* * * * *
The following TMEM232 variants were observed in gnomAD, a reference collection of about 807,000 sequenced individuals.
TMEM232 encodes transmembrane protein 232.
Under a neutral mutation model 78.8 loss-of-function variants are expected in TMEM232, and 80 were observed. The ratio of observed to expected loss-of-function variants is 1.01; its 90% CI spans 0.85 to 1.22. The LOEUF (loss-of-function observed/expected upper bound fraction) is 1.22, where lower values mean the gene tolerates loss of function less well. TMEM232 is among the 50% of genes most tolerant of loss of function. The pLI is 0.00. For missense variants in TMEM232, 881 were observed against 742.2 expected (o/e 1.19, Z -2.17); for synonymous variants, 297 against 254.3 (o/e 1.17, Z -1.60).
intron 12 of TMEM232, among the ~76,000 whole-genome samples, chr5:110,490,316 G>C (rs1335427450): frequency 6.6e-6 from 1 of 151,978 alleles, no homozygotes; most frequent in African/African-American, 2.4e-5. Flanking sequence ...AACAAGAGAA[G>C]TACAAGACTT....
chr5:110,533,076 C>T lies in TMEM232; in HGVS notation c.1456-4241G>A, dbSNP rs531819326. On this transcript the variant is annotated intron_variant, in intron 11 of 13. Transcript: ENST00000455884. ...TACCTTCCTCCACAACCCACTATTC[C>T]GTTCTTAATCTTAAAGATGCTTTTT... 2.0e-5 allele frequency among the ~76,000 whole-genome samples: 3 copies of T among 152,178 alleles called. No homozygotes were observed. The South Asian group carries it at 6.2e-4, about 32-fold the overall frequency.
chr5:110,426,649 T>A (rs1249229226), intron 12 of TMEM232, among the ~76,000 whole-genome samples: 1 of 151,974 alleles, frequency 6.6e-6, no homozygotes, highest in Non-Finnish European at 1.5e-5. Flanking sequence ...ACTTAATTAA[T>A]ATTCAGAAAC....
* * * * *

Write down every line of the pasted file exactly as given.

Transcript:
The following TMEM232 variants were observed in gnomAD, a reference collection of about 807,000 sequenced individuals.
TMEM232 encodes transmembrane protein 232.
Under a neutral mutation model 78.8 loss-of-function variants are expected in TMEM232, and 80 were observed. The ratio of observed to expected loss-of-function variants is 1.01; its 90% CI spans 0.85 to 1.22. The LOEUF (loss-of-function observed/expected upper bound fraction) is 1.22, where lower values mean the gene tolerates loss of function less well. TMEM232 is among the 50% of genes most tolerant of loss of function. The pLI is 0.00. For missense variants in TMEM232, 881 were observed against 742.2 expected (o/e 1.19, Z -2.17); for synonymous variants, 297 against 254.3 (o/e 1.17, Z -1.60).
intron 12 of TMEM232, among the ~76,000 whole-genome samples, chr5:110,490,316 G>C (rs1335427450): frequency 6.6e-6 from 1 of 151,978 alleles, no homozygotes; most frequent in African/African-American, 2.4e-5. Flanking sequence ...AACAAGAGAA[G>C]TACAAGACTT....
chr5:110,533,076 C>T lies in TMEM232; in HGVS notation c.1456-4241G>A, dbSNP rs531819326. On this transcript the variant is annotated intron_variant, in intron 11 of 13. Transcript: ENST00000455884. ...TACCTTCCTCCACAACCCACTATTC[C>T]GTTCTTAATCTTAAAGATGCTTTTT... 2.0e-5 allele frequency among the ~76,000 whole-genome samples: 3 copies of T among 152,178 alleles called. No homozygotes were observed. The South Asian group carries it at 6.2e-4, about 32-fold the overall frequency.
chr5:110,426,649 T>A (rs1249229226), intron 12 of TMEM232, among the ~76,000 whole-genome samples: 1 of 151,974 alleles, frequency 6.6e-6, no homozygotes, highest in Non-Finnish European at 1.5e-5. Flanking sequence ...ACTTAATTAA[T>A]ATTCAGAAAC....